LifeScapes: Button Bush and a Major Chicken Event

The button bushes (Cephalanthus occidentalis) that grow along our little creek are in full bloom just now, their round, highly symmetrical blossoms delighting the bees, hummingbirds and butterflies–especially the giant swallowtails, no doubt graduated from the larvae that completely stripped my dill this spring. No problem, though.  I plant much more dill than I need. And the butterflies need it much more than I do.

The button bush is one of our native Hill Country plants that we modern humans, so oblivious to the real earth around us, don’t fully appreciate. The foliage, stems, and roots contain two toxic glycosides, so those who worry about such things label it “poisonous.”

It is, of course. But the butterflies and hummingbirds don’t know this, and the native people of the Southwest and Southeast understood how to turn its toxicity into an antidote. These glycosides stimulate the digestive system, so they used it–carefully–to treat various stomach, intestinal, and urinary ailments. Different tribes used the plant in different forms: decoctions of the root and stems; teas of the stems and foliage; and poultices of the bark and leaves. The bark was also chewed to relieve toothache. And in its natural habitat, along streams and in wetlands, the roots help to resist erosion and provide habitat for many aquatic animals.

But this little bush is not just an important member of the plant/animal community that makes up our small corner of the Texas Hill Country. Seen from a distance, it’s attractive. Viewed up close, it’s awesomely beautiful, perfect in its symmetry, perfectly suited to the world it lives in.

Homestead report: A major chicken event. The younger Girls began laying this week. They’re only about four months old, so this was an unexpected happening–but definitely welcome. There are five: two Barred Rocks, two Buff Orpingtons, and one Rhode Island Red–plus the two older Girls. No idea who laid the baby egg, which had two baby yolks, or whose egg is a lighter color. They’re still practicing. I see omelets in our future. (The beautiful plate is one of Bill’s wood-turning projects.)

Bookscapes. I’ve just launched a new blog called BookScapes, where I’ll be posting book reviews and notes on writing, publishing, and the rapidly changing landscape of the book world. (“Toto, I’ve a feeling we aren’t in Kansas anymore.”) You can check it out here. If you’re one of the many who offered suggestions for ways to organize a second blog, thank you! Your comments were helpful and much appreciated.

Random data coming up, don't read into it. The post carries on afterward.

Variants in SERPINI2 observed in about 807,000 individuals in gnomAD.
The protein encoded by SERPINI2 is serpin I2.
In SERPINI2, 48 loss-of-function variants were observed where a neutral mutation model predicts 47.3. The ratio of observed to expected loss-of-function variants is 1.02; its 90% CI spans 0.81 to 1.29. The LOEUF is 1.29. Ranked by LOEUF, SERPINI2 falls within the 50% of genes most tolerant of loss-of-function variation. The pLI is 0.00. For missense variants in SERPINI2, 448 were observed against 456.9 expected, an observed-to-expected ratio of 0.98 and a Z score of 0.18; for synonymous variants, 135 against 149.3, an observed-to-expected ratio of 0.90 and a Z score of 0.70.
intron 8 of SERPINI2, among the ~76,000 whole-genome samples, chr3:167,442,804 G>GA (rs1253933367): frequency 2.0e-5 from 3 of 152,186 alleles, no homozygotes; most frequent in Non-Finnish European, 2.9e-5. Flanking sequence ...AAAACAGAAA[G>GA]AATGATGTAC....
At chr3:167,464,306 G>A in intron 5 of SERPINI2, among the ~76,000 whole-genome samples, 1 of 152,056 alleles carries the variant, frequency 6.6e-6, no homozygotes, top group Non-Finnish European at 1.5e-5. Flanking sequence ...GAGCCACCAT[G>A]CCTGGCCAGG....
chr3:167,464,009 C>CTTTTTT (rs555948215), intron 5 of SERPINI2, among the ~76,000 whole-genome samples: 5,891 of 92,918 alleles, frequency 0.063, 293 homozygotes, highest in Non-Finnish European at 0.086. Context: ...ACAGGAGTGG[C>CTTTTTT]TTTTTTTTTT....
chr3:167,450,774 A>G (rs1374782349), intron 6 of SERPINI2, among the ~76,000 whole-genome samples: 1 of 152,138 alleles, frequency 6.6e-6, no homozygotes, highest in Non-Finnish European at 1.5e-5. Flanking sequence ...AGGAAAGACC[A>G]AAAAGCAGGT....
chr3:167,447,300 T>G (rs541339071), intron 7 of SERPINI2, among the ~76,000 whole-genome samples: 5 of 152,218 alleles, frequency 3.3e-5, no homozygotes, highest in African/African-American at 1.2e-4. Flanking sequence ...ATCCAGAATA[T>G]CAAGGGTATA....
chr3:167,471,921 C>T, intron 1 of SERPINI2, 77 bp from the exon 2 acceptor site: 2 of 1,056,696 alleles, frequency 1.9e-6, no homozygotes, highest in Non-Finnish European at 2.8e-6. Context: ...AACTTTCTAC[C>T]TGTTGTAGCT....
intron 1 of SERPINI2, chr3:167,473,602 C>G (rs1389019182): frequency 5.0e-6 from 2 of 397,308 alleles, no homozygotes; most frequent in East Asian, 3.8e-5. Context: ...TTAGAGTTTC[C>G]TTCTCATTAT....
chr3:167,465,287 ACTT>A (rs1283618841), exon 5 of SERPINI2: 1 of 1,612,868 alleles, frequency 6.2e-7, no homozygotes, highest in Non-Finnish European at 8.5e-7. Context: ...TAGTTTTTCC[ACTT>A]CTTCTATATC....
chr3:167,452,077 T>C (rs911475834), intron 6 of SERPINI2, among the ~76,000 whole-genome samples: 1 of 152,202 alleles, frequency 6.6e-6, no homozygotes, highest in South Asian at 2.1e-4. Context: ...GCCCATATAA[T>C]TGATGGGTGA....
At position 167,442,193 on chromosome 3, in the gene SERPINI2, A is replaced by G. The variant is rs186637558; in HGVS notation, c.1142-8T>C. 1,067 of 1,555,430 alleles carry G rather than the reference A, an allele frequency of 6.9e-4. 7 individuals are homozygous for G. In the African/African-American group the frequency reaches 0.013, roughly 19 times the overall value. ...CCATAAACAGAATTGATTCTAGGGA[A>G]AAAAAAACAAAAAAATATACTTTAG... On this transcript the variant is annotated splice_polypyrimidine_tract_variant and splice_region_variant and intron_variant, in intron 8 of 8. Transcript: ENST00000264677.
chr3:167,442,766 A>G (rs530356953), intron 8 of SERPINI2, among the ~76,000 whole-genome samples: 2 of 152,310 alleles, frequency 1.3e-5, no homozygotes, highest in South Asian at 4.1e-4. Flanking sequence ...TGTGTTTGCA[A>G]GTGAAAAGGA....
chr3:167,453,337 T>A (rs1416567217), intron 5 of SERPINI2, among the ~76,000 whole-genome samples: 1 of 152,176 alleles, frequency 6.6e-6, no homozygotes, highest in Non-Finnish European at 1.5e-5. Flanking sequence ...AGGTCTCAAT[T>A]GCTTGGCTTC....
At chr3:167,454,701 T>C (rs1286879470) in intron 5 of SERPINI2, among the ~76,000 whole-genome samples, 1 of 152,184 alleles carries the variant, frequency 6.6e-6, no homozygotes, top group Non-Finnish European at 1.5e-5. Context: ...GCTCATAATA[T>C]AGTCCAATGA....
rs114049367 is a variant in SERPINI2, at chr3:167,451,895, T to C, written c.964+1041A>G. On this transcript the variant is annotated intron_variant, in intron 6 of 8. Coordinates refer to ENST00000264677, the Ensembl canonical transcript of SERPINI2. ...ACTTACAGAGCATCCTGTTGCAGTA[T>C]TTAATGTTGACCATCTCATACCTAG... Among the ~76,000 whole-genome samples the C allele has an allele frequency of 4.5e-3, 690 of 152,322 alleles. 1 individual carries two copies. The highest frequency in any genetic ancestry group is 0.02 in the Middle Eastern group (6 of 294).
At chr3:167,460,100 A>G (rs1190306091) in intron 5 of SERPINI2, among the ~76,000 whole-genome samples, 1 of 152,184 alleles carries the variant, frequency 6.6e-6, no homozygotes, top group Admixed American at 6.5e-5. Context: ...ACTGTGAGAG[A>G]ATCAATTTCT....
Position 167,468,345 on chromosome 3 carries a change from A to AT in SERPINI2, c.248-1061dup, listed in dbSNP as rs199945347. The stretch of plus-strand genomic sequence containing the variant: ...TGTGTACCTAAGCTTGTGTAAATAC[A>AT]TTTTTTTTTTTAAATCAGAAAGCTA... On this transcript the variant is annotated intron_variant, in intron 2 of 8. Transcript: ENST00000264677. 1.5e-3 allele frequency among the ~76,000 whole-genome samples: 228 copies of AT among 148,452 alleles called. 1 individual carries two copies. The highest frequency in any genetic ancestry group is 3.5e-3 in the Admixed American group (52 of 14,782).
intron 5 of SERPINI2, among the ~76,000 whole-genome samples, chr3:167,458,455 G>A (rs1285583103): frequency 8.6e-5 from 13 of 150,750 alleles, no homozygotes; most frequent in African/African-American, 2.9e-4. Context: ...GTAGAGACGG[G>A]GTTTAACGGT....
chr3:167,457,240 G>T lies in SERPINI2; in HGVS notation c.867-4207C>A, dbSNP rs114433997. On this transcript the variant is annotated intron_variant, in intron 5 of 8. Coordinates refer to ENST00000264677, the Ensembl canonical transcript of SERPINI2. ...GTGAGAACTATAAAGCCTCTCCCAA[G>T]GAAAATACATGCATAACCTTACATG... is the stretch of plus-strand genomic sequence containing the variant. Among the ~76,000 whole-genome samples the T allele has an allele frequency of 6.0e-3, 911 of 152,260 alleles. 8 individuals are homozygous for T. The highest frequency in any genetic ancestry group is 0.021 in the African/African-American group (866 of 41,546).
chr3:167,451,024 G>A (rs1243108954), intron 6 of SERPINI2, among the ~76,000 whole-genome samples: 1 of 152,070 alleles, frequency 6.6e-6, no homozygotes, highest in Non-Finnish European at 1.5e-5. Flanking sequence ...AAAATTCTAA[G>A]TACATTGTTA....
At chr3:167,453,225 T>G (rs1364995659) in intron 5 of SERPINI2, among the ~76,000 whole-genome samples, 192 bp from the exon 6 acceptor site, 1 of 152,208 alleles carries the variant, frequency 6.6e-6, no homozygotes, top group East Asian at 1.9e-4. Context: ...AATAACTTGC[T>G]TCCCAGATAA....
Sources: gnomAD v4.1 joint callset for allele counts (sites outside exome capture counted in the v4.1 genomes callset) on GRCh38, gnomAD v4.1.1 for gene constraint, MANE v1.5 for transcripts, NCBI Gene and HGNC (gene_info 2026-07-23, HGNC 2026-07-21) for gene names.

Reading note. I decided that if I could paint that flower in a huge scale, you could not ignore its beauty.— Georgia O’Keeffe


11 comments on “LifeScapes: Button Bush and a Major Chicken Event

  1. Susan, thank you. I like working in different genres and different forms, and experimenting with different voices is fun. The animal voices in the Cottage Tales were the most unusual (for me) and were immensely rewarding. Miss Potter was a bit . . . prissy. But those badgers were a joy.

  2. I find you truly amazing. You have written such different book series and each one is delightful in a different way. I read you book blog for the first time and really enjoyed it. I look forward to more reviews.

  3. Sure would like to see the PBS program with Dame Judi Dench talking about trees.

  4. What a marvelous title for a post, and what good information within. Thank you!

  5. A wildflower! Buff Orpingtons! Gathering eggs! Happy reminders of West Texas childhood.

  6. I’m still on Twitter, Peg. But that’s where I “do” politics. On Twitter, I follow mostly progressive journalists and political commentators and try to keep up with stories I’m interested in. It’s very personal to me, but not (I am sure) to some of my readers. 🙂

  7. I don’t know which is prettier – those lovely eggs or Bill’s wooden plate. And we’re excited to read your upcoming reviews on Bookscapes! (Susan, are you still on Twitter? I’m certain your own website is much more personal for you and for us.)

  8. We have both tiger and giant swallowtails here, Susan–but far more giants. The giants do consume the rue, when I have it.

  9. I only say this because I was making the same mistake it is most likely the big tiger swallow tail larvae that ate the dill along with the eastern blacks giant swallowtail larvae eat rue and the prickly ash

  10. Saw your recent post – reading a tree book. If you love trees, hope you’ve seen the PBS program with Dame Judi Dench talking about her trees passion.

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